Please pass the pus!


Sometimes, as the saying goes, "'tis better to be silent and be thought a fool, than to speak and remove all doubt." Remember this when you feel the need to discuss rectal diseases with your colleagues-in a crowded public place.

It was a warm fall day as I crowded onto the shuttle bus from the airport to downtown for a veterinary conference. Most of the passengers were veterinarians, but not all, including the young man squeezed into the too small seat next to me. He loosened his tie, scrunched himself smaller, and politely began reading a thin work report.

After the bus—which was lacking in the air conditioning department—filled up, we merged onto the expressway for the half-hour journey. All was quiet as I gazed at the landscape. Then a voice rang out from the back of the bus.

"Well, perineal hernias aren't hard to diagnose. Stick your finger up his anus and compare sides. You can wiggle it around and feel the pocket, unless it's full of ..." For 10 minutes, this doctor described the joys of rectal diseases in quite graphic detail—at a volume that would compete with a rock concert. Surely any casual listener would have been able to pass a surgery class mid-term by the time the lecture was finished. But it wasn't finished. We moved through a recap of anal sacs and their various problems and a smattering of tips on cats with urinary problems. "Well, hang onto his penis and ..."

My seatmate swallowed nervously, further loosening his tie and reading more intently, trying to block out the conversation. Ahead of us a woman in a business suit carrying a leather briefcase glanced around uncomfortably and began assiduously consulting her day planner.

Soon the colorectal crowd became silent, probably drawing pictures, as the bus slowed for the afternoon traffic, making the air conditioner's epic struggle all the more futile. I could sense the relaxation in my seatmate as silence ensued for a while, until ahead of us two rows, a dedicated doctor thought it might be a good time to check on her patients—from a thousand miles away.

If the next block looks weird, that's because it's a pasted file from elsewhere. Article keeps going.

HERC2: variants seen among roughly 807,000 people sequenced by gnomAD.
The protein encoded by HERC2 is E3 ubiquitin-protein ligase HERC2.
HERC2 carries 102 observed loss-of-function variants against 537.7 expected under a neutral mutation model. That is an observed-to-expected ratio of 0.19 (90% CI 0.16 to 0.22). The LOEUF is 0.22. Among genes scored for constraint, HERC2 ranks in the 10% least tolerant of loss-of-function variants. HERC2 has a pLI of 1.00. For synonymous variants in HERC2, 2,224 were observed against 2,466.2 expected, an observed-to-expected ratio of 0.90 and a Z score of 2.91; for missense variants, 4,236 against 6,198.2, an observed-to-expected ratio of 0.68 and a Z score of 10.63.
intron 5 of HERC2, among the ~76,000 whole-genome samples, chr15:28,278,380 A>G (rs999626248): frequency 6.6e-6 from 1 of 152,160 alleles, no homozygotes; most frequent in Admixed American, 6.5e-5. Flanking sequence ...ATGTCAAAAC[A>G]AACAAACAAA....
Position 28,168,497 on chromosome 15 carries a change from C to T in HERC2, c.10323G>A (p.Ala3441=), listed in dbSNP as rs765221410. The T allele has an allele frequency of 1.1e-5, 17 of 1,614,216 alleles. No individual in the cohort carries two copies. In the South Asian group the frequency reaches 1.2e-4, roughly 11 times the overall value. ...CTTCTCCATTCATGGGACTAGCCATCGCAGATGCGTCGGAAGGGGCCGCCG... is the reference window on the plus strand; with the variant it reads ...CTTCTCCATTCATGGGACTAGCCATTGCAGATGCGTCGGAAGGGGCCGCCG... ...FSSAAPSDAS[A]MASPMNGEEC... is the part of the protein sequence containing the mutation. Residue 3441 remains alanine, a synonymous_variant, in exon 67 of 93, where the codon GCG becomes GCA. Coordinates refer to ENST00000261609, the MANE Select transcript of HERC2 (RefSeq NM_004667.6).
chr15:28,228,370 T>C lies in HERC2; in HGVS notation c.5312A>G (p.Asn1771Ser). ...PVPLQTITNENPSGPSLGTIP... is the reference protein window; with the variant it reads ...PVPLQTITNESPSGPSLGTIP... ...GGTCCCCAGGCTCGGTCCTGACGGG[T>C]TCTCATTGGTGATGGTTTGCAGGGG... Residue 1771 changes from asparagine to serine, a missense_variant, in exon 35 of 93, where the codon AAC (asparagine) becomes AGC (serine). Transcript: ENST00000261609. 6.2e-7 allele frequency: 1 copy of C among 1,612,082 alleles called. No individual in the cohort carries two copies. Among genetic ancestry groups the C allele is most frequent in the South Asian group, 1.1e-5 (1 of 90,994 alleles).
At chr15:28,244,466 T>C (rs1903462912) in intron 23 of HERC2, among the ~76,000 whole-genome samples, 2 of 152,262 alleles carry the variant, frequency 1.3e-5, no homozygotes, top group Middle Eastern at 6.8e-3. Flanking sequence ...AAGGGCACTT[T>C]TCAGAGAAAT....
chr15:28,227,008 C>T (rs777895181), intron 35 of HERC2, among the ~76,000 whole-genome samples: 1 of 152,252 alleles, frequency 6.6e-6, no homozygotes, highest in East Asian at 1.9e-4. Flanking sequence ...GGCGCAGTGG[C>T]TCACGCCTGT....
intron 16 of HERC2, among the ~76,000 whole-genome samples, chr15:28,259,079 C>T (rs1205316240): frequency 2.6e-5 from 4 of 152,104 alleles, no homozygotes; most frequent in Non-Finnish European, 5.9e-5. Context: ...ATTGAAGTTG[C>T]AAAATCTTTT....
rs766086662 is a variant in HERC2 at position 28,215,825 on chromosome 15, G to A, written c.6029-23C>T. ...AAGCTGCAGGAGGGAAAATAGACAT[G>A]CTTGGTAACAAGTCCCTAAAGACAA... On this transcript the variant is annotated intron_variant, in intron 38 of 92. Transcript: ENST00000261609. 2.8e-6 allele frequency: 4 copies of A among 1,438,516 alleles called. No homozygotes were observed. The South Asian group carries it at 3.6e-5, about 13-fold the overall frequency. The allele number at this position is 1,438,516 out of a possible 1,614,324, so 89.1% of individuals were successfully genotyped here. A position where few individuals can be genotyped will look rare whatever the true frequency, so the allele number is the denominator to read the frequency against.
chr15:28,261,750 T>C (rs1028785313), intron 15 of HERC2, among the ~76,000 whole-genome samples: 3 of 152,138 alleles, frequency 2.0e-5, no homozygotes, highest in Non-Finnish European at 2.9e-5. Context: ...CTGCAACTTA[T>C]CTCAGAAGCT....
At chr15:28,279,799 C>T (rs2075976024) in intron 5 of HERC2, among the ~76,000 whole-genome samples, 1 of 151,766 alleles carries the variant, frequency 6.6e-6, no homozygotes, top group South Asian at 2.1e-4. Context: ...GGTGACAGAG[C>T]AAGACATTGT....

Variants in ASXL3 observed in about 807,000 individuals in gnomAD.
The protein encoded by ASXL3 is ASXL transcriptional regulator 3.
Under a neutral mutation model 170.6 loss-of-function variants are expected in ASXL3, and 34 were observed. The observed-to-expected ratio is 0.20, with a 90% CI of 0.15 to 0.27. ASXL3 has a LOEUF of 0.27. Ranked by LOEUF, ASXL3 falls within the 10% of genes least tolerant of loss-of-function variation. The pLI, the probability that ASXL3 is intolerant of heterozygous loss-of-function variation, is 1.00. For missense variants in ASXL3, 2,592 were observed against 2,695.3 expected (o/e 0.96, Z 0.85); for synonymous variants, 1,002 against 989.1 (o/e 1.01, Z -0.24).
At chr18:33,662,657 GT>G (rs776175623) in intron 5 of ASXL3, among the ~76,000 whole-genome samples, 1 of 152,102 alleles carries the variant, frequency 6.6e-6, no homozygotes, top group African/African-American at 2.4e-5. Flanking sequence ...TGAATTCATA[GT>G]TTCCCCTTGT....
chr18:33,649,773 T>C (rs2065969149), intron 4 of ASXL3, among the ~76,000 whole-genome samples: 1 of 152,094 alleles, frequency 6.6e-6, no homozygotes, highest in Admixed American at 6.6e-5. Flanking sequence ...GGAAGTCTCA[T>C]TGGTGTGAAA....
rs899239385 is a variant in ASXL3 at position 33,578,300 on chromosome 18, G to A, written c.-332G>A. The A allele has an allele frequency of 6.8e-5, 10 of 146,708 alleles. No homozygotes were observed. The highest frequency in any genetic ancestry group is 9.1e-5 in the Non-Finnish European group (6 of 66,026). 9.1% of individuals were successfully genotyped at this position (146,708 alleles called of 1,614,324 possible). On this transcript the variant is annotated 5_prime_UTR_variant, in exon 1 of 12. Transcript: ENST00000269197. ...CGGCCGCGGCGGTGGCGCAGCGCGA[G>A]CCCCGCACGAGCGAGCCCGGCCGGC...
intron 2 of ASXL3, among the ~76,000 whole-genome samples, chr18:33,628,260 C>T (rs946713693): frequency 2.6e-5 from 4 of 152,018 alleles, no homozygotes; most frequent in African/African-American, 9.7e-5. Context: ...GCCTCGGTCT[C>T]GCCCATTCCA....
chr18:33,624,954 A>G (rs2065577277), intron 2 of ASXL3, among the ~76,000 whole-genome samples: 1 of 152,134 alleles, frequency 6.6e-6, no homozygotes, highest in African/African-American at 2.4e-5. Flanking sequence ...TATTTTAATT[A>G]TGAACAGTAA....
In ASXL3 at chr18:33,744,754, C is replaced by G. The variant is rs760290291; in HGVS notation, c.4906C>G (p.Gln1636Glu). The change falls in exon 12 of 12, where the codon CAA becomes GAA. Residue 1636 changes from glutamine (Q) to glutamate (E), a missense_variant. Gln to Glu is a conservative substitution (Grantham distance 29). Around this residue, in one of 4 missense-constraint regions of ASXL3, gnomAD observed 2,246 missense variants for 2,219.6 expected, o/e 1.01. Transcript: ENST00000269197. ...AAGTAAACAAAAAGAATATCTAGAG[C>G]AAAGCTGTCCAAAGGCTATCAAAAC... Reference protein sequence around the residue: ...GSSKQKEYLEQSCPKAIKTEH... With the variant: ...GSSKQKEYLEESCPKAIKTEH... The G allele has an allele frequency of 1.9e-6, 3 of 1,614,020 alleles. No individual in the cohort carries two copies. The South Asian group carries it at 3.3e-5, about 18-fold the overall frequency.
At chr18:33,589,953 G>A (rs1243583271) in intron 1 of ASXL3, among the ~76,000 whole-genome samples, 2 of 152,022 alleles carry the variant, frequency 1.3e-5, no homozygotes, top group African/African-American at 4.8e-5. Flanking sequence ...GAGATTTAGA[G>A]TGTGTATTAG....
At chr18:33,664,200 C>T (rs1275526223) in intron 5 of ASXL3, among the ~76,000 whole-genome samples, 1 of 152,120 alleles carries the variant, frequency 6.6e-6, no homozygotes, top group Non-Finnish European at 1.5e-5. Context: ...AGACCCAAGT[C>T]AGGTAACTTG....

"Yeah, good. Any more vomiting? Blood or just bile? Greenish? Hmm, that's odd. Any more of that slimy diarrhea? Did you get all that out of his fur yet?"

By now you could tell who the nonveterinarians were. They were the ones squirming in their seats. Fortunately, the multiple conversations on the crowded bus soon became a cacophony, with the colorectal chorus now discussing pull-through rectal surgeries and the blood-soaked cats drowning out the vomiting and diarrheic dogs, so that the involuntary subjects of our professional discourse probably couldn't make sense of it. Blessed sensory overload.

They did seem in a hurry to get off the bus. Probably the lack of air conditioning.

Not everyone loves fright night

Now, I believe that a spirited and open discussion of what we do is essential to the progress of the profession. I, for one, am a big fan of anal sacs, and nothing pleases me more than to see two of them on the surgery schedule. But we must make room for those who don't share our comfort with and excitement about open pyometras and all that oozes. Sometimes for us, especially in public, silence is golden.

Luckily, the bus ride back to the airport after the conference was blessedly quiet. The airline bumped us up to first class, where my wife and I were surrounded by a group of interventional cardiologists. I know this because I glanced at a program one of them was silently consulting. Now, these doctors wear face masks at work so all the blood spraying around won't get in their eyes. And for the next two hours, quietly and with concern for their surrounding passengers, they conversed with each other.

They talked about golf.

Craig Woloshyn, DVM

Dr. Craig Woloshyn, a Veterinary Economics Editorial Advisory Board member, owns Animal Medical Clinic in Spring Hill, Fla., and Sun Dog Veterinary Consulting. Please send questions or comments to

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